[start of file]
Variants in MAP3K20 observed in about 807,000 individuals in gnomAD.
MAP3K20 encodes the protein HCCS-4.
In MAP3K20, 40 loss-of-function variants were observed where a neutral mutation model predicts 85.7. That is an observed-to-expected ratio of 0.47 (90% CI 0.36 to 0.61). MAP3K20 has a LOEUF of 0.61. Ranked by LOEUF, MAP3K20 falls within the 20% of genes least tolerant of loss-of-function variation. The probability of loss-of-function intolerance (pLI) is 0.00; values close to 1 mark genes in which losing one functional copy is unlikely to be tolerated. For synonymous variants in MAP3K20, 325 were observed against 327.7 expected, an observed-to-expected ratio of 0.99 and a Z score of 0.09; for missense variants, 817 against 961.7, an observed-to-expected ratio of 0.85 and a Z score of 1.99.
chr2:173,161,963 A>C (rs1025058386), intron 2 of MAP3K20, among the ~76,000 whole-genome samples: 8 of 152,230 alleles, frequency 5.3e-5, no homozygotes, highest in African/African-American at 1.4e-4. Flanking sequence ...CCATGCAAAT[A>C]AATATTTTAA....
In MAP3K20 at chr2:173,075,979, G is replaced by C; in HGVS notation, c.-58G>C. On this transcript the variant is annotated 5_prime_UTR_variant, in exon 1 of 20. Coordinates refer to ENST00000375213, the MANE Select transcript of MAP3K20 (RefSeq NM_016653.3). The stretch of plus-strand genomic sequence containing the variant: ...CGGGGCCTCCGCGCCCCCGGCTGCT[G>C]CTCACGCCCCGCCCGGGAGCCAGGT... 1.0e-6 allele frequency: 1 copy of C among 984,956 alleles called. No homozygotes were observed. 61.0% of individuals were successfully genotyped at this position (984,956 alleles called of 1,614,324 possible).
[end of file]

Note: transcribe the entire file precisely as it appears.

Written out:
Variants in MAP3K20 observed in about 807,000 individuals in gnomAD.
MAP3K20 encodes the protein HCCS-4.
In MAP3K20, 40 loss-of-function variants were observed where a neutral mutation model predicts 85.7. That is an observed-to-expected ratio of 0.47 (90% CI 0.36 to 0.61). MAP3K20 has a LOEUF of 0.61. Ranked by LOEUF, MAP3K20 falls within the 20% of genes least tolerant of loss-of-function variation. The probability of loss-of-function intolerance (pLI) is 0.00; values close to 1 mark genes in which losing one functional copy is unlikely to be tolerated. For synonymous variants in MAP3K20, 325 were observed against 327.7 expected, an observed-to-expected ratio of 0.99 and a Z score of 0.09; for missense variants, 817 against 961.7, an observed-to-expected ratio of 0.85 and a Z score of 1.99.
chr2:173,161,963 A>C (rs1025058386), intron 2 of MAP3K20, among the ~76,000 whole-genome samples: 8 of 152,230 alleles, frequency 5.3e-5, no homozygotes, highest in African/African-American at 1.4e-4. Flanking sequence ...CCATGCAAAT[A>C]AATATTTTAA....
In MAP3K20 at chr2:173,075,979, G is replaced by C; in HGVS notation, c.-58G>C. On this transcript the variant is annotated 5_prime_UTR_variant, in exon 1 of 20. Coordinates refer to ENST00000375213, the MANE Select transcript of MAP3K20 (RefSeq NM_016653.3). The stretch of plus-strand genomic sequence containing the variant: ...CGGGGCCTCCGCGCCCCCGGCTGCT[G>C]CTCACGCCCCGCCCGGGAGCCAGGT... 1.0e-6 allele frequency: 1 copy of C among 984,956 alleles called. No homozygotes were observed. 61.0% of individuals were successfully genotyped at this position (984,956 alleles called of 1,614,324 possible).